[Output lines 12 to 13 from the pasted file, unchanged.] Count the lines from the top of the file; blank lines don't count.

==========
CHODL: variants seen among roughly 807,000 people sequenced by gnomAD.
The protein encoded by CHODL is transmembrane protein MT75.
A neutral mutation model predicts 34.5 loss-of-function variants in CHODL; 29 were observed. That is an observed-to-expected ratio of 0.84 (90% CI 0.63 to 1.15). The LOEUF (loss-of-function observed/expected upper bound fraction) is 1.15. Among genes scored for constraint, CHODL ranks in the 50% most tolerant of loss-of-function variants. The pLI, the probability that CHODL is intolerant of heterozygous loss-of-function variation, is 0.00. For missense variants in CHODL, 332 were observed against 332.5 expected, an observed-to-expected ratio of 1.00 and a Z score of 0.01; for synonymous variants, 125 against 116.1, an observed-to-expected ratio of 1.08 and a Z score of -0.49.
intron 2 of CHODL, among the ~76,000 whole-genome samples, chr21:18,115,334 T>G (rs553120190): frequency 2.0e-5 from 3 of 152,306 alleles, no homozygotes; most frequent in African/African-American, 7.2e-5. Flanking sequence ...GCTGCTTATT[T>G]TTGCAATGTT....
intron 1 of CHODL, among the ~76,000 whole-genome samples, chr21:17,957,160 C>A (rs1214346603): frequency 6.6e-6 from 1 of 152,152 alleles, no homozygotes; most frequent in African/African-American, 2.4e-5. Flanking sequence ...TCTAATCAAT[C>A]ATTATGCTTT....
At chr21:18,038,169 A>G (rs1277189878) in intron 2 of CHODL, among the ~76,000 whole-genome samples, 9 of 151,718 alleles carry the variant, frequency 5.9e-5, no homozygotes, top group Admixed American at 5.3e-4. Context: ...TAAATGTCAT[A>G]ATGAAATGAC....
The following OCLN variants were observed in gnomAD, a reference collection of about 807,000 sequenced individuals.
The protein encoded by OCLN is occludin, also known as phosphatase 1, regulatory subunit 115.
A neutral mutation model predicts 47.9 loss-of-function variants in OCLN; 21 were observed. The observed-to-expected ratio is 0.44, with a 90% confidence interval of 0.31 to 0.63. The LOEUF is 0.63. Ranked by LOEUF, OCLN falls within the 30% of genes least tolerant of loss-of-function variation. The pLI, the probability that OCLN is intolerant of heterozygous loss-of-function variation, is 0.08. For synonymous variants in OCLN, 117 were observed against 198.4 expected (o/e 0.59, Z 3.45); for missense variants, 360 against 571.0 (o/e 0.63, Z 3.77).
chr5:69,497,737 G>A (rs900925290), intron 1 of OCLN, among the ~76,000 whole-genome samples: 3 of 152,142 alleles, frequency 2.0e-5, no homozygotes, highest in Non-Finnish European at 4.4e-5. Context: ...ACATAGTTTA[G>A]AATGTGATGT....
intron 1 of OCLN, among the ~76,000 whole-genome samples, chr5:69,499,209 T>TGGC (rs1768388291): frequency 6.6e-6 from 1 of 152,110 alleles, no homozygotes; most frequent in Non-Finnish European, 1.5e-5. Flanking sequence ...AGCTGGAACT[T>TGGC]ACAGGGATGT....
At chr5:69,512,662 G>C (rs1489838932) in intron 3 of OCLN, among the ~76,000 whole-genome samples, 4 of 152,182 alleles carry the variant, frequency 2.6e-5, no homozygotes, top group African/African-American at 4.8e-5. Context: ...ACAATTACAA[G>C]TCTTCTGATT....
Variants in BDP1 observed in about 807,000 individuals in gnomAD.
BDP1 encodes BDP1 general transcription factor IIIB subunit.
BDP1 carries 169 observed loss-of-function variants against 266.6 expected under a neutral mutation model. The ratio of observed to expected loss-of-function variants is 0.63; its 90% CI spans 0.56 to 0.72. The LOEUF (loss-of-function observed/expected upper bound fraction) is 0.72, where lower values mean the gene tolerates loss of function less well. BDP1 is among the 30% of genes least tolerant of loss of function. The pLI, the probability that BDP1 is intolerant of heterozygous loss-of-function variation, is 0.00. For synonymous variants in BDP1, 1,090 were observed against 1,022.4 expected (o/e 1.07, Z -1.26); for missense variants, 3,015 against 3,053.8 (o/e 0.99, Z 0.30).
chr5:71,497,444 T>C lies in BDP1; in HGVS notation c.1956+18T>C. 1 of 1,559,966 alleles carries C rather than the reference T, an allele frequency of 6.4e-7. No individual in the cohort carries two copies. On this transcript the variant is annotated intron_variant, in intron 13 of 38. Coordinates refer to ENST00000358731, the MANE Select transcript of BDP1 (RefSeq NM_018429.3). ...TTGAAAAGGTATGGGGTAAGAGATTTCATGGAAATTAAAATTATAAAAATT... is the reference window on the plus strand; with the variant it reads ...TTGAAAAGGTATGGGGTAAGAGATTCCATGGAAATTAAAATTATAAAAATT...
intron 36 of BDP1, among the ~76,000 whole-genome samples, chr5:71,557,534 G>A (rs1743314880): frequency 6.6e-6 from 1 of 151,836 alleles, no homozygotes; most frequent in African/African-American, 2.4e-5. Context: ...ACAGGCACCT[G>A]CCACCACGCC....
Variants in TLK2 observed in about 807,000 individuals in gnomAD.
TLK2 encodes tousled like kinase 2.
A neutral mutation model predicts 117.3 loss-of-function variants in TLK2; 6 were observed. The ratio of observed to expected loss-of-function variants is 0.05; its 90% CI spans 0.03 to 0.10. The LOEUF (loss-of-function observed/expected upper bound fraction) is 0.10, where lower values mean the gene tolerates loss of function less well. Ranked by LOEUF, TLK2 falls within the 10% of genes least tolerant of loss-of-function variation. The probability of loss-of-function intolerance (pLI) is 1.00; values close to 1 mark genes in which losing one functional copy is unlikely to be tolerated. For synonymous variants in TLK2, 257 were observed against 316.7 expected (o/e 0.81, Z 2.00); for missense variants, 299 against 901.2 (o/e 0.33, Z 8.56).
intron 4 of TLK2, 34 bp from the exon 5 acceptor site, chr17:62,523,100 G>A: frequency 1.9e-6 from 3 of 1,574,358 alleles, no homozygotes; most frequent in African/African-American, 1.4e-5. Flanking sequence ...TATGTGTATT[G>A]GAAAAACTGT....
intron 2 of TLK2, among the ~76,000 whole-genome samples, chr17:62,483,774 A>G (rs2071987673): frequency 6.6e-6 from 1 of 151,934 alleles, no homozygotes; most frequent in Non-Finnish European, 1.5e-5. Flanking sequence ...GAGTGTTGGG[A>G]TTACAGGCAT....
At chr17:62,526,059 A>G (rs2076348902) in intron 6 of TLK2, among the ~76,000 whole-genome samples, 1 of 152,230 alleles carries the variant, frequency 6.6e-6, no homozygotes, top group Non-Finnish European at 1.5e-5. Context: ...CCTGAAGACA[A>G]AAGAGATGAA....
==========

At chr5:69,512,662 G>C (rs1489838932) in intron 3 of OCLN, among the ~76,000 whole-genome samples, 4 of 152,182 alleles carry the variant, frequency 2.6e-5, no homozygotes, top group African/African-American at 4.8e-5. Context: ...ACAATTACAA[G>C]TCTTCTGATT....
Variants in BDP1 observed in about 807,000 individuals in gnomAD.